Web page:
Even as the Browns made a late-season run to the playoffs, all was not happy within the coaching ranks of the rising club.
Inconsistency, injury, and communication breakdowns were issues surrounding the play of the team throughout the season. It now appears that a couple of these issues also resided within the coaching staff.
A source close to the team, a former coach, and one unidentified player tell Bernie's Insiders some of the problems that the Browns organization, its players, and selected members of the coaching staff encountered in 2002.
The Browns, a tight-lipped organization, kept under wraps what had been eating away at the core of the defense. Not all was as it may have appeared.
According to our source, defensive coordinator Foge Fazio did not have true support from his peers on the coaching staff. Browns head coach Butch Davis and Fazio did not see eye to eye on Fazio's defensive scheme and play-calling, especially during the 2002 season. Davis, seemingly annoyed with the disappointing defense ultimately placed the focus on Fazio for the lackluster effort and inexcusable poor execution the team displayed.
But the story does not end there.
Early in the season, many of the misgivings on the defensive side of the ball were related to new players in the system, namely safety Robert Griffith and linebacker Earl Holmes. As the season wore on, some players became discouraged by the perceived double standard that coaches on the staff showed in their treatment of players. Defensive tackle Gerard Warren was given as an example of a player who had a sub-par season, but was never held in the same regard as others on the roster.
Citing a lack of communication and trust between certain coaches and defensive players, it was evident that there were issues between the head coach and some defensive coaches.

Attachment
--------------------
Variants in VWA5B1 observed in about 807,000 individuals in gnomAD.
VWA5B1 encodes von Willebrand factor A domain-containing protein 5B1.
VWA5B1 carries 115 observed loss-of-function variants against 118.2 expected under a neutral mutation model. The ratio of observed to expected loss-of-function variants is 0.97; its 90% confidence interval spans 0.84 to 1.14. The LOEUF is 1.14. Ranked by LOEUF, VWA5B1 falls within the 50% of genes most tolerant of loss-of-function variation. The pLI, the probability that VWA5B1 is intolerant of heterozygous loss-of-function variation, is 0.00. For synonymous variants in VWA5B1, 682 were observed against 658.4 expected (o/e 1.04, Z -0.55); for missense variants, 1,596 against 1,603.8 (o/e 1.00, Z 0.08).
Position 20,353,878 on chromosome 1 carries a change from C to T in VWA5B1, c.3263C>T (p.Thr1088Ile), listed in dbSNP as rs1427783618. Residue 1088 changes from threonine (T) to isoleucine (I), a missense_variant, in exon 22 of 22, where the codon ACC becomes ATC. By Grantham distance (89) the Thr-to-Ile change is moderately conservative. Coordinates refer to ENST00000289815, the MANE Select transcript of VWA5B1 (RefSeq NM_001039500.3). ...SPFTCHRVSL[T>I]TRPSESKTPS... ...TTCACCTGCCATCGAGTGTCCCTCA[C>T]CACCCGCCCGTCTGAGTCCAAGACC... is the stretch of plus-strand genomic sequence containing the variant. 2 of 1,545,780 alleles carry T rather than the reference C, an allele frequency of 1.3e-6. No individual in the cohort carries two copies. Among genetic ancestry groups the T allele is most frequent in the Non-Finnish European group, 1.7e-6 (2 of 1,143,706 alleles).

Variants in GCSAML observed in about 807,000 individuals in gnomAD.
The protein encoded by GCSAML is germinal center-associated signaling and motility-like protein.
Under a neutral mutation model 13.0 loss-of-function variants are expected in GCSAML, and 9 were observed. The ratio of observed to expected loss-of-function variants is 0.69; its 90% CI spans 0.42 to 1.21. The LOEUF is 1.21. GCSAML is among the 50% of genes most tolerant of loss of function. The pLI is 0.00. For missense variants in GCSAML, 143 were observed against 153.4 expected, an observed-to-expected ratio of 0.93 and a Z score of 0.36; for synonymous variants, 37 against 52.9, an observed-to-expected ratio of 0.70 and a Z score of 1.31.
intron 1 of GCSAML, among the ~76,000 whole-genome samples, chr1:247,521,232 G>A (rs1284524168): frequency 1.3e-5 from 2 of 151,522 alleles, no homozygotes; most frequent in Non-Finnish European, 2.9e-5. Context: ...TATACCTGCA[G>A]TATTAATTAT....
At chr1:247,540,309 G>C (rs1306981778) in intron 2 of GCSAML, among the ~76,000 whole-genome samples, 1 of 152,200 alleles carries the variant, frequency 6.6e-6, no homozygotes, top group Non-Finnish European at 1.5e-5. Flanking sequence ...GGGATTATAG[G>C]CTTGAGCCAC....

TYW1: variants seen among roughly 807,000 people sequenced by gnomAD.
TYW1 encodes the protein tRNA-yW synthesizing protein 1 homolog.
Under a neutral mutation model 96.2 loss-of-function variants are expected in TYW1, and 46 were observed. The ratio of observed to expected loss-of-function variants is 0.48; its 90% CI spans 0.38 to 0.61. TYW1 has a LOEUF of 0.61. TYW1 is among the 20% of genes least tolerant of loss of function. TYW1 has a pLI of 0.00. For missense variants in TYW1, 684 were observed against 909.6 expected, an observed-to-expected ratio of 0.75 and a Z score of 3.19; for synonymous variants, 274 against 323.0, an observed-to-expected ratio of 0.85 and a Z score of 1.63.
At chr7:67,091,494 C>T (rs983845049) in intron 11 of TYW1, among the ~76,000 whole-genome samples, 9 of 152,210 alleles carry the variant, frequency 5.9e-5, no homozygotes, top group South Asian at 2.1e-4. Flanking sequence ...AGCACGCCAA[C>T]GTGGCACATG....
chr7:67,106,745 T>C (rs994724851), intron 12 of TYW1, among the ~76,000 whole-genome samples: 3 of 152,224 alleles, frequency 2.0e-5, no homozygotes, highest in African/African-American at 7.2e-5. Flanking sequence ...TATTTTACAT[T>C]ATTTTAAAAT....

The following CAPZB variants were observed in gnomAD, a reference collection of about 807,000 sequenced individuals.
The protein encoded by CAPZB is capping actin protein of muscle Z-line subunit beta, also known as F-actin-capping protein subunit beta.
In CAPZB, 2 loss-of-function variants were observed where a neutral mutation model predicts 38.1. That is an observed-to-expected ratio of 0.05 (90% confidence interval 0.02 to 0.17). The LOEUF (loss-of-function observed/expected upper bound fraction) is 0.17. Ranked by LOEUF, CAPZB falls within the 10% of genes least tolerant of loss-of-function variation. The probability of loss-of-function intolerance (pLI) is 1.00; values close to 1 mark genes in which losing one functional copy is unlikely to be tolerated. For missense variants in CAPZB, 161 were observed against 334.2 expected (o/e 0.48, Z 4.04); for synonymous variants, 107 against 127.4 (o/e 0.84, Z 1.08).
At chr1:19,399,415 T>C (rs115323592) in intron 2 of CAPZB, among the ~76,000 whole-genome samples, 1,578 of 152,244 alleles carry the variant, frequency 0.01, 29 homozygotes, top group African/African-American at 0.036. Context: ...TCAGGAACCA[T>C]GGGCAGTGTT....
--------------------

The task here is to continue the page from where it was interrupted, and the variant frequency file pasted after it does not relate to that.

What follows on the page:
From what we've been told, Fazio wanted to run a more aggressive defense. Fazio's desire to be more aggressive was true not just in the Browns playoff loss to the Steelers, as has been reported in the local press, but also earlier in the season. Our sources tell us that it was Head Coach Butch Davis who stopped Fazio in his tracks. Davis' reasoning is that he did not have the confidence in the defensive backs to cover when the team would attack using defensive backs and linebackers.
Additionally, the consistent communication issued weighed heavily on the team. On numerous occasions, players would 'jaw' at one another due to the lack of execution or simply misreads defensively.
There were also philosophical differences. Fazio wanted the team's defensive tackles to attack the line of scrimmage and penetrate. According to an unidentified player, Davis wanted the tackles to be aggressive, but not to the point of becoming predictable in shooting the gaps, which he feared could either create a big offensive play or expose an already suspect run defense to further failure.
To make matters worse, Fazio and defensive backs coach Chuck Pagano also appeared to have conflicts. One player tells us that there was a definite lack of respect, almost to the point of undermining the scheme and authority that Fazio presumably had. Team sources indcate that Pagano insisted using more of the four-across defensive back formations, particularly during the second-half of the season. The theory is to minimize the potential of the big play, as well as keeping everything in front of the defensive backs.
Issues with the linebacker position, the defensive line positions, and the defensive coordinator existed throughout the season. The organization wasted no time in removing the issues.
Fazio retired before he could be fired and Dave Campo was hired. Campo, of course, has a long history with Davis. Also let go was defensive line coach Ray Hamilton, who was recently hired for that same position by the Jacksonville Jaguars. Hired to the Browns staff was Andre Patterson, who uncoincidentally happens to have coached under Campo in Dallas.
Finally, linebackers coach Keith Butler was released and quickly snatched up by the Pttsburgh Steelers to mentor their linebackers. In is Clancy Pendergast, another disciple from the Dallas Cowboys under Campo.
The excuses should be minimal heading into the offseason and 2003 season as Davis is getting ‘his' guys on the coaching staff. Lets only hope that means an improved chance at winning.